Sunday, June 23, 2013

Mathematics on Appeal: Hamilton’s Equations in Lapsley v. Xtek, Inc.

Better off Ted is a satiric TV series about wacky scientists and managers at the amoral high-tech company, Veridian Dynamics. In Lapsley v. Xtek, Inc., 689 F.3d 802, 812 (7th Cir. 2012), Meridian Engineering supplied the scientific breakthrough -- about dynamics -- for plaintiff. But the resemblance ends with the company names. There is nothing funny about this case.

In Xtek, a machine at a steel rolling mill accidentally ejected industrial grease with such force that it shot through a worker’s body, permanently disabling him. As the court of appeals explained:
At trial the jury found that the accident was caused by a design defect in a heavy industrial product designed and manufactured by defendant Xtek, and sold and installed in the mill. That equipment contained an internal spring that could exert over ten thousand pounds of force. The jury accepted the theory of plaintiffs' expert witness, Dr. Gary Hutter, that the spring was the culprit mechanism behind the accident and that an alternative design of a thrust plate in the equipment would have prevented the disabling accident. Xtek has appealed, challenging the district court's denial of its Daubert motion that sought to bar Dr. Hutter from offering his expert opinions, which were essential to the plaintiffs' case.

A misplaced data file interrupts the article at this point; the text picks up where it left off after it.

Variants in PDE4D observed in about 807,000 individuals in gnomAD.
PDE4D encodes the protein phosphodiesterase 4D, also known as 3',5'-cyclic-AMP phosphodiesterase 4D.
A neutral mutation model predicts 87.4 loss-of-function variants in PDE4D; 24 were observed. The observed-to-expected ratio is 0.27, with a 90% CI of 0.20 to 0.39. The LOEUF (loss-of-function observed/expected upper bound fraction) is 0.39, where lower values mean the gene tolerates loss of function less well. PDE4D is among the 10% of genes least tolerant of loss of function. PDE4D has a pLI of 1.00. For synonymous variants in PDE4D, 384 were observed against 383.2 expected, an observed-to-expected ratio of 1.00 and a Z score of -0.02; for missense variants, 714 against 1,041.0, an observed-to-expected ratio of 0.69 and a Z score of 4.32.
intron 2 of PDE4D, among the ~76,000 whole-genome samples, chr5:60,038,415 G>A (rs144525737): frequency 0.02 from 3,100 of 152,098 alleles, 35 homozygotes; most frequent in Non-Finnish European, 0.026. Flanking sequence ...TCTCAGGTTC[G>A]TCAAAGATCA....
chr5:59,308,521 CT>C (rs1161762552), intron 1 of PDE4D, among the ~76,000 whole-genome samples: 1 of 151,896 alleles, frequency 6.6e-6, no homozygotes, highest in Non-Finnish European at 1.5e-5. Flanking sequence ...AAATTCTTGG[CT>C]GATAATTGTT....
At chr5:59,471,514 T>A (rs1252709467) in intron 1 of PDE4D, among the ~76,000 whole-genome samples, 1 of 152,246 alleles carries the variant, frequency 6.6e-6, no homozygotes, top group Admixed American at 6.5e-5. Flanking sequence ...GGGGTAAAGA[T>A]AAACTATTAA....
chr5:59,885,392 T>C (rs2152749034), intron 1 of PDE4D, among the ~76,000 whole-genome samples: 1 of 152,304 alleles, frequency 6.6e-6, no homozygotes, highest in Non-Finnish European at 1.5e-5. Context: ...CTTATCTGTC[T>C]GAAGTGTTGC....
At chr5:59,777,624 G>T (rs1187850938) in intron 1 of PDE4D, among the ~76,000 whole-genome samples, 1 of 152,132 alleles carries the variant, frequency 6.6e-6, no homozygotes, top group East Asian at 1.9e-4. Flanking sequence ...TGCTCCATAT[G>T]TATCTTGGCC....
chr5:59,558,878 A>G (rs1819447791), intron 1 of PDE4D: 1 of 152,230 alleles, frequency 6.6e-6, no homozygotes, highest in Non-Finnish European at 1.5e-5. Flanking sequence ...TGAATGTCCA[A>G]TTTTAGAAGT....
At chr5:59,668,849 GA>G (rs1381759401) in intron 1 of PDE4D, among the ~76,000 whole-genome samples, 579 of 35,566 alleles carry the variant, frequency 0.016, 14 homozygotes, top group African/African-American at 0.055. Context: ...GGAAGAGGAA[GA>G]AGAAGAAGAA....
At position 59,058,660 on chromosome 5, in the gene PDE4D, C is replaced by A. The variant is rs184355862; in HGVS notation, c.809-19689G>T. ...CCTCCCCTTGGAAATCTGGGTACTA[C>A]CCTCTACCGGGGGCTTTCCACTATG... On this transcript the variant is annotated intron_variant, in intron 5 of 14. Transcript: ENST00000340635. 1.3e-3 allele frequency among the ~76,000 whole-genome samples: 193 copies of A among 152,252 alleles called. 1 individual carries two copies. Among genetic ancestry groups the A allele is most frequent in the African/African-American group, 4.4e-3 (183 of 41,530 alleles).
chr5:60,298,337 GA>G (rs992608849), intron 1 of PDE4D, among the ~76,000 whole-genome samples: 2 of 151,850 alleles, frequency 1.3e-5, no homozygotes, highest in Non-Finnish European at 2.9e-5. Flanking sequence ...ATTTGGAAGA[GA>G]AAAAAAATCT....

Xtek’s Daubert challenge, as described in the opinion, was that Dr. Hutter, an engineer who founded the consulting firm, was performing “the simulation of science, not science,” when he used a mathematical model to infer the cause of the release and to conclude that an alternative design would have prevented it. He did no empirical testing to verify his theories, and to Xtek’s lawyers, the notes attached to Dr. Hutter’s report were the “equivalent of Sanskrit.”